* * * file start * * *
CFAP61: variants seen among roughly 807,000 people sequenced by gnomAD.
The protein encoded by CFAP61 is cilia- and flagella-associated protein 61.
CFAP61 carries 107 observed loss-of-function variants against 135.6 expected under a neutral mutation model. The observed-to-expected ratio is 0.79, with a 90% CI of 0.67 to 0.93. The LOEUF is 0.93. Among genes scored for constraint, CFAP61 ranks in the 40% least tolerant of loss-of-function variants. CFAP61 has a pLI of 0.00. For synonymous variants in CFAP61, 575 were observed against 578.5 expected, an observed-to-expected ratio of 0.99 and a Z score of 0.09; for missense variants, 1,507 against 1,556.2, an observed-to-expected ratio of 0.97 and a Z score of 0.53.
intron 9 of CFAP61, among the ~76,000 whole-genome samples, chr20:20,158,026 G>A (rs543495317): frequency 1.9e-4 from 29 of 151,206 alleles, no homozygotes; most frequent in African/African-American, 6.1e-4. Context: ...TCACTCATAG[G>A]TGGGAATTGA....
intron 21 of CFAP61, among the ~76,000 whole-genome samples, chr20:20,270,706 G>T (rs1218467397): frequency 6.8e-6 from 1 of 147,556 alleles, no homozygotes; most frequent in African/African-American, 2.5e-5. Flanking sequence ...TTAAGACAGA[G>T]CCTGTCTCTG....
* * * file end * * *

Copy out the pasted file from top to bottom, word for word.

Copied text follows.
CFAP61: variants seen among roughly 807,000 people sequenced by gnomAD.
The protein encoded by CFAP61 is cilia- and flagella-associated protein 61.
CFAP61 carries 107 observed loss-of-function variants against 135.6 expected under a neutral mutation model. The observed-to-expected ratio is 0.79, with a 90% CI of 0.67 to 0.93. The LOEUF is 0.93. Among genes scored for constraint, CFAP61 ranks in the 40% least tolerant of loss-of-function variants. CFAP61 has a pLI of 0.00. For synonymous variants in CFAP61, 575 were observed against 578.5 expected, an observed-to-expected ratio of 0.99 and a Z score of 0.09; for missense variants, 1,507 against 1,556.2, an observed-to-expected ratio of 0.97 and a Z score of 0.53.
intron 9 of CFAP61, among the ~76,000 whole-genome samples, chr20:20,158,026 G>A (rs543495317): frequency 1.9e-4 from 29 of 151,206 alleles, no homozygotes; most frequent in African/African-American, 6.1e-4. Context: ...TCACTCATAG[G>A]TGGGAATTGA....
intron 21 of CFAP61, among the ~76,000 whole-genome samples, chr20:20,270,706 G>T (rs1218467397): frequency 6.8e-6 from 1 of 147,556 alleles, no homozygotes; most frequent in African/African-American, 2.5e-5. Flanking sequence ...TTAAGACAGA[G>T]CCTGTCTCTG....